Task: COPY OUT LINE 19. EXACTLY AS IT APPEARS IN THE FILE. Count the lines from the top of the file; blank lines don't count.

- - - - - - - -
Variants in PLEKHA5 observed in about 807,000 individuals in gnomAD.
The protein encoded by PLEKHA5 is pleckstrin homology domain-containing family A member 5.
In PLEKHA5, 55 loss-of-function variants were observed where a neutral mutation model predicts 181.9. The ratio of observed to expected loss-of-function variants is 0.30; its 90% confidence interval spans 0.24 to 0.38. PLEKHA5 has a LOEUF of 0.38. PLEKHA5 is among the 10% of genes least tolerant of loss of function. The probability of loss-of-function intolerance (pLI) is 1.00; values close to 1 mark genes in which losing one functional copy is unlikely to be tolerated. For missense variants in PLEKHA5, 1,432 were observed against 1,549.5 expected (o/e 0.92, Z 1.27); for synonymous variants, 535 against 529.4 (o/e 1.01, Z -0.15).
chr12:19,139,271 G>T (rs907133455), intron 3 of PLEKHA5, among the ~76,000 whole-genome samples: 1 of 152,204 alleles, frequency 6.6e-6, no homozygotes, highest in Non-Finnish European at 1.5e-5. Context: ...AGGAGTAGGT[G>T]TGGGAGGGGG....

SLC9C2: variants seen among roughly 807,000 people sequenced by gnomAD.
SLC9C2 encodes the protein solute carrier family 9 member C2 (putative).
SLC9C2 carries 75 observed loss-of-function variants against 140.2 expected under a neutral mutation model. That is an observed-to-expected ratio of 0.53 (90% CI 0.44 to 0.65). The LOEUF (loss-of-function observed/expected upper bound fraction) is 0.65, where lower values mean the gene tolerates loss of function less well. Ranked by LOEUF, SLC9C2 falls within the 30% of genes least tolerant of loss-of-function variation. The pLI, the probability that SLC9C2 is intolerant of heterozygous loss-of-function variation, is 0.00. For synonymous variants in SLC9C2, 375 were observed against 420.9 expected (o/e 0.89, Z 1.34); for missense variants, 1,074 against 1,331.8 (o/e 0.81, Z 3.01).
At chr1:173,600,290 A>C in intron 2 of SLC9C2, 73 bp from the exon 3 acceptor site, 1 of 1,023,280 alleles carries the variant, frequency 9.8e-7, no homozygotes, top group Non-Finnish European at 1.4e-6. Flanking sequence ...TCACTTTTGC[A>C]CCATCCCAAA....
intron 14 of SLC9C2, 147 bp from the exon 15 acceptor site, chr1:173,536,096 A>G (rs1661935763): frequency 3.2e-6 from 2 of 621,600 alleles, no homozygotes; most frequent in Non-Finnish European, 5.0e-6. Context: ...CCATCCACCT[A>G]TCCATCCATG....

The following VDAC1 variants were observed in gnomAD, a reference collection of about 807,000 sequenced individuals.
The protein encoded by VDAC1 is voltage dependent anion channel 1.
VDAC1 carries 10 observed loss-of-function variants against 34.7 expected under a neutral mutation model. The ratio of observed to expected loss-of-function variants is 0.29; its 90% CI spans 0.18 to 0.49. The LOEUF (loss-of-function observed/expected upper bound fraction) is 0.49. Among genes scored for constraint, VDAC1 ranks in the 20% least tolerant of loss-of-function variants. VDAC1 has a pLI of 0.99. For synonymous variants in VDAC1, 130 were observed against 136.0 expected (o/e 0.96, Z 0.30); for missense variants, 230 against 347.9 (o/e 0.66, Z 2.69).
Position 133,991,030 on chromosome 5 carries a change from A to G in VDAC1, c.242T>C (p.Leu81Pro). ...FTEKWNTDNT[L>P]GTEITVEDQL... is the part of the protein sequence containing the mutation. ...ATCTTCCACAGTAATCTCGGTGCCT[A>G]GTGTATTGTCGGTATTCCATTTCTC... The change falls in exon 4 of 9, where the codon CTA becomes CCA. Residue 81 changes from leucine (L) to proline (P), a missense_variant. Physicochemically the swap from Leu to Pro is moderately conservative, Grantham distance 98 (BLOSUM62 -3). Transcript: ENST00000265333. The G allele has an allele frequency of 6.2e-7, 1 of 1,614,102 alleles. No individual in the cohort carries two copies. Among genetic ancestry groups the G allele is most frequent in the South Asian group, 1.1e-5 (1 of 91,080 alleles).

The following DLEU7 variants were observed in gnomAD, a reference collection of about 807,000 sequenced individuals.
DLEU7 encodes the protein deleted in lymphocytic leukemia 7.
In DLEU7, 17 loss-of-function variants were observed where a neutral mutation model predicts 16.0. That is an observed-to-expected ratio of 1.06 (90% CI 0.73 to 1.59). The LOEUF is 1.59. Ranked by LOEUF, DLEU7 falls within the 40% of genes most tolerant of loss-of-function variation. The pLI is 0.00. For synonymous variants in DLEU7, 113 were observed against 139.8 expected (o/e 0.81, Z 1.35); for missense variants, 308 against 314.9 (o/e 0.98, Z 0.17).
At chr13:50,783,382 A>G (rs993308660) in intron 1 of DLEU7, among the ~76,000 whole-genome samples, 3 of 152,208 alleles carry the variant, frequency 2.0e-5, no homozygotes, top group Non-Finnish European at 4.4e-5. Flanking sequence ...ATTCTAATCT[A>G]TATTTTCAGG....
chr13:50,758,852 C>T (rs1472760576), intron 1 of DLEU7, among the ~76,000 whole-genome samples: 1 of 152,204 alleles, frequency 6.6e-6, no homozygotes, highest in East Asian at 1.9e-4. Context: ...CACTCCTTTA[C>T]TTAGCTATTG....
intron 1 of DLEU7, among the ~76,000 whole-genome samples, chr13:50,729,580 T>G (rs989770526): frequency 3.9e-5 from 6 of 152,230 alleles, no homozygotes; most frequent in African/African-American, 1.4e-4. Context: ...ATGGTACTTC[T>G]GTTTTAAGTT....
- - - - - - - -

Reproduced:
intron 1 of DLEU7, among the ~76,000 whole-genome samples, chr13:50,729,580 T>G (rs989770526): frequency 3.9e-5 from 6 of 152,230 alleles, no homozygotes; most frequent in African/African-American, 1.4e-4. Context: ...ATGGTACTTC[T>G]GTTTTAAGTT....